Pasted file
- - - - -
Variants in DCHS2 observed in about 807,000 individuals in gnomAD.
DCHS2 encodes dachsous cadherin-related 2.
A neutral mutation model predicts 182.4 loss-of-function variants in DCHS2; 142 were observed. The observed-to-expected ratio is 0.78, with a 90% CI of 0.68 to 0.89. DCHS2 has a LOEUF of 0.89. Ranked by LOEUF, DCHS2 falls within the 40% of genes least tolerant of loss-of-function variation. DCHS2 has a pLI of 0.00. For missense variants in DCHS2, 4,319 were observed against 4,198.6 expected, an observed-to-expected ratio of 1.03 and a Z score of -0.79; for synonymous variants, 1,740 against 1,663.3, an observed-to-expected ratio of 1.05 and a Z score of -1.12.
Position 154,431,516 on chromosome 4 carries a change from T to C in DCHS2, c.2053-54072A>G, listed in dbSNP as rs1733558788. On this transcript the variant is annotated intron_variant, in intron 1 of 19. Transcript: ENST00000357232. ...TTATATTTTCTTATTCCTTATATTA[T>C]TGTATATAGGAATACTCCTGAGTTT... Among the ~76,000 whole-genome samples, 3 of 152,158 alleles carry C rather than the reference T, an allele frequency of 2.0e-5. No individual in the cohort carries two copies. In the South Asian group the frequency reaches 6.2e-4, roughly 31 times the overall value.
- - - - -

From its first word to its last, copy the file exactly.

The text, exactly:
Variants in DCHS2 observed in about 807,000 individuals in gnomAD.
DCHS2 encodes dachsous cadherin-related 2.
A neutral mutation model predicts 182.4 loss-of-function variants in DCHS2; 142 were observed. The observed-to-expected ratio is 0.78, with a 90% CI of 0.68 to 0.89. DCHS2 has a LOEUF of 0.89. Ranked by LOEUF, DCHS2 falls within the 40% of genes least tolerant of loss-of-function variation. DCHS2 has a pLI of 0.00. For missense variants in DCHS2, 4,319 were observed against 4,198.6 expected, an observed-to-expected ratio of 1.03 and a Z score of -0.79; for synonymous variants, 1,740 against 1,663.3, an observed-to-expected ratio of 1.05 and a Z score of -1.12.
Position 154,431,516 on chromosome 4 carries a change from T to C in DCHS2, c.2053-54072A>G, listed in dbSNP as rs1733558788. On this transcript the variant is annotated intron_variant, in intron 1 of 19. Transcript: ENST00000357232. ...TTATATTTTCTTATTCCTTATATTA[T>C]TGTATATAGGAATACTCCTGAGTTT... Among the ~76,000 whole-genome samples, 3 of 152,158 alleles carry C rather than the reference T, an allele frequency of 2.0e-5. No individual in the cohort carries two copies. In the South Asian group the frequency reaches 6.2e-4, roughly 31 times the overall value.